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The i-WIP Collaborative Group was established in 2013 and an international group of researchers who conducted trials on the effect of diet and physical activity based interventions in pregnancy. The group’s main aim was to deliver an Individual Participant Data meta-analysis addressing the question of the lifestyle-based intervention’s effect on gestational weight gain, maternal and offspring outcomes.
The IPPIC (International Prediction of Pregnancy Complications) collaborative network consists of individual participant data (IPD) of over 3 million pregnancies. This large global repository originally funded by the NIHR HTA (National Institute of Health Research Health Technology Assessment) to predict pre-eclampsia, includes 14 UK and 66 international datasets. It has since received further funding from Sands (Stillbirth and Neonatal Deaths) charity to predict stillbirth, NHMRC (Australian National Health and Medical Research Council) to predict preterm birth and HTA to predict fetal growth restriction and its complications.
The SALVO study was led by our Centre and published in 2017 – it was the largest ever randomised controlled trial on the use of cell salvage in obstetrics. Over 3000 women across the UK were randomised to either receive cell salvage in the event of bleeding in childbirth, or standard of care. The primary objective was to find out if routine cell salvage use has the potential to reduce the need for donor blood transfusion.
To find out more and read about the results, see https://discover.dc.nihr.ac.uk/content/signal-00592/cell-salvage-during-c-section-doesnt-reduce-blood-transfusions or download our SALVO newsletter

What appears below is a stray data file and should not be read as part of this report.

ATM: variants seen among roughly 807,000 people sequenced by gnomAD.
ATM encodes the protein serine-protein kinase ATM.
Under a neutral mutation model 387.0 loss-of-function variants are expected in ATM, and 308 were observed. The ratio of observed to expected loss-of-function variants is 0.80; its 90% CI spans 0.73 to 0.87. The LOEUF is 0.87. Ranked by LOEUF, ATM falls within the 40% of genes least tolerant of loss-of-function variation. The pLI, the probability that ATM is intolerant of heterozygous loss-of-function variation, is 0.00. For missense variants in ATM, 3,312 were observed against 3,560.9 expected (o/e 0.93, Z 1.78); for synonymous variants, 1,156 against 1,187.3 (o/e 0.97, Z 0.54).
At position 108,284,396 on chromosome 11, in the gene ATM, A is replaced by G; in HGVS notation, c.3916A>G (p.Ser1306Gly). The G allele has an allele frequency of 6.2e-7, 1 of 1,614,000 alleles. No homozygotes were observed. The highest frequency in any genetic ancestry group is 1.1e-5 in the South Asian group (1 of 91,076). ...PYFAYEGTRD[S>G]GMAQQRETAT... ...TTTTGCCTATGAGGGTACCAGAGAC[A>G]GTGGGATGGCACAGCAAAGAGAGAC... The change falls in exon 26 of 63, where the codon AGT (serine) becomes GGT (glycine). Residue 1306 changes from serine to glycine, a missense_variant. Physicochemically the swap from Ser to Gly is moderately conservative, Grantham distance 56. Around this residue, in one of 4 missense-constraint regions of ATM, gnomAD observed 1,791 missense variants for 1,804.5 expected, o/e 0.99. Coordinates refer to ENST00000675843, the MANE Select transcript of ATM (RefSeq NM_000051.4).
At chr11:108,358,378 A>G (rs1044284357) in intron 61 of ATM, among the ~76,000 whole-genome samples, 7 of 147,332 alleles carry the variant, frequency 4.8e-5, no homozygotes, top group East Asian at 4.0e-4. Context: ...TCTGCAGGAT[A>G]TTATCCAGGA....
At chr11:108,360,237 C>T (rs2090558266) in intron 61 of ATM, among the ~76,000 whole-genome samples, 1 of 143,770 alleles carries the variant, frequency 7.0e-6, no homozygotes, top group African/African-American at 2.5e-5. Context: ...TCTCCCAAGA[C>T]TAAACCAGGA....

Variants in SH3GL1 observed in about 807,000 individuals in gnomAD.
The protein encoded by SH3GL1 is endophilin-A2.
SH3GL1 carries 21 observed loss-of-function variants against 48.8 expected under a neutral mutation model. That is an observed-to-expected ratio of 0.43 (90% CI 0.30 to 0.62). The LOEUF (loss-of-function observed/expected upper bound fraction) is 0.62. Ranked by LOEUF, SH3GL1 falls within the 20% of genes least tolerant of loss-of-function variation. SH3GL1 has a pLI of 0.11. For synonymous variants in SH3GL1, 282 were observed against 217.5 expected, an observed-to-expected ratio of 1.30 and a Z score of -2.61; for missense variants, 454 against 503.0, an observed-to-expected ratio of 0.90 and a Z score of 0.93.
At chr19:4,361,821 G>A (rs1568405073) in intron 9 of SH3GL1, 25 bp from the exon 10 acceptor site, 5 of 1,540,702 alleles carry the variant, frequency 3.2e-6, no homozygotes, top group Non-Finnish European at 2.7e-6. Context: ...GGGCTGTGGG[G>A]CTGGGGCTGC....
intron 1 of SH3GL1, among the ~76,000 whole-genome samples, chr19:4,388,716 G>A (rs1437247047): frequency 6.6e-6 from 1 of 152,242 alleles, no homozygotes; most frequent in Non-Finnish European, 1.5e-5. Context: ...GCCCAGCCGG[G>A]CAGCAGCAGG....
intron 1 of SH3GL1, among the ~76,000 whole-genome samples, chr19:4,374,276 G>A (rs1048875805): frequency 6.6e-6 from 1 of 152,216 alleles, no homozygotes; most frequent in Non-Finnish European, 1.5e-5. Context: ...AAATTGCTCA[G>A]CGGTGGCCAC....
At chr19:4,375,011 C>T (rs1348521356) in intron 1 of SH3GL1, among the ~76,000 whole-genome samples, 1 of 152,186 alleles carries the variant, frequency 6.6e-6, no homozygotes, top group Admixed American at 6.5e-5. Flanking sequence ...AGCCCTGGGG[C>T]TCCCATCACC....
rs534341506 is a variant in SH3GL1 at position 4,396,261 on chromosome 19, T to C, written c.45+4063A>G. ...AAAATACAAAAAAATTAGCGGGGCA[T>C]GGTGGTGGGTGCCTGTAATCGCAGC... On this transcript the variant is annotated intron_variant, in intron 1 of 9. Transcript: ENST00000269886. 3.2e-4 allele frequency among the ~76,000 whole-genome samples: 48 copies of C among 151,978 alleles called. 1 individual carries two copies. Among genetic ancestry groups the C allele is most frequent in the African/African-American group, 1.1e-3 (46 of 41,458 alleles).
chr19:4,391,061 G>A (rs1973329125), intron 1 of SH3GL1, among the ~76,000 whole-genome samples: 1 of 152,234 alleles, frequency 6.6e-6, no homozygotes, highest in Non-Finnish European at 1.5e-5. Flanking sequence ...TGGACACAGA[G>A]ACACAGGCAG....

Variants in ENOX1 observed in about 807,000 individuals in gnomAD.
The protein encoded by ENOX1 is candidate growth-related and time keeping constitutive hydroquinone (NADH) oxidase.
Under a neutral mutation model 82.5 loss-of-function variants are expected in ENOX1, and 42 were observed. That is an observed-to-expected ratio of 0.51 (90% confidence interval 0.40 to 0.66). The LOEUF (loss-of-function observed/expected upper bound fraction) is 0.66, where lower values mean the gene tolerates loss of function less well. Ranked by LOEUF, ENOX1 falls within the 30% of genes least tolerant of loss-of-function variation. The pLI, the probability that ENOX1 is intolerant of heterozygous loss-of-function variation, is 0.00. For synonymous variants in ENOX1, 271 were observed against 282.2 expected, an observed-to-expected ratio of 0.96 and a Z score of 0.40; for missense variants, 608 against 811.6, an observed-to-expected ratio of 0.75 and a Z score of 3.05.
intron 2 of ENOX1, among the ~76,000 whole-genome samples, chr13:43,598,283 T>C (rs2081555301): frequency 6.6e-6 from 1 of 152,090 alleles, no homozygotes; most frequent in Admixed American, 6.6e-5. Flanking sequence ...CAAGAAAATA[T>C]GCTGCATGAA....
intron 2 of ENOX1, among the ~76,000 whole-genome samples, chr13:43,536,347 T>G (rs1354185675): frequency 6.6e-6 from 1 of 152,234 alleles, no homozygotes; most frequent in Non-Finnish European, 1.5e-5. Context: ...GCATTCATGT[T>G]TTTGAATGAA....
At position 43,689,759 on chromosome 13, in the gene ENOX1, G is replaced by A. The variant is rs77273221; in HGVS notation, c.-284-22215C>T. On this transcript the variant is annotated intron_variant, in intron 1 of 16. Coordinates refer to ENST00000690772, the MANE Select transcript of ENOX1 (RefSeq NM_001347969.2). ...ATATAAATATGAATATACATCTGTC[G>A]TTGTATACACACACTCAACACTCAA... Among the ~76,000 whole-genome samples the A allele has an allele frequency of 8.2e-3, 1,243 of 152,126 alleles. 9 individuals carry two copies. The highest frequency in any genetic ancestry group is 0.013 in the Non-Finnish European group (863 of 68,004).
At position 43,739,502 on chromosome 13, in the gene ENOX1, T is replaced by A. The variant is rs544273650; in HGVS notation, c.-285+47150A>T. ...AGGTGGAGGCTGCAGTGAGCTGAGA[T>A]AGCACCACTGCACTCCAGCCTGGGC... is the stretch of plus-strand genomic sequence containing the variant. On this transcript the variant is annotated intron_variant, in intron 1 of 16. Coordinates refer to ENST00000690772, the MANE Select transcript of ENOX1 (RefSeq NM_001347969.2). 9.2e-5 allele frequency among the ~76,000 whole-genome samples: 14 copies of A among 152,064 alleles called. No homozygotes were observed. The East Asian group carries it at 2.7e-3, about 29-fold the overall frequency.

Core Outcome Sets in Gynaecological Conditions (COGS).
Although checklists exist for the reporting of clinical trials, core outcome sets (COS) differ because they are a disease-specific agreed set of outcomes that are established as a reporting standard minimum for all relevant clinical trials. The aim of COS is to ensure that studies of a condition all report the same, valid outcomes which will allow future data synthesis for development of clinical guidelines and will also prevent selective outcome reporting. Ultimately, this will mean that all studies which are conducted into a condition will produce results that are not only useful for interpretation of that trial but can also contribute to meta-analyses and the overall assessment of interventions. This will make results more valuable, more meaningful in comparisons and more likely to influence improvements in policy and practice.
The aim of this project is to develop core outcome sets for the management of gynaecological conditions (COGS). These include heavy menstrual bleeding, fertility sparing surgery for cervical cancer, endometrial cancer and endometrial hyperplasia.
In order to get a refined and robust set of core outcomes, the COGS will be formed of four parts. These include, systematic reviews, qualitative workshops, Delphi surveys and final consensus meetings.
A video explaining Core Outcome Sets can be found here, https://www.youtube.com/watch?v=kghwCDOragU
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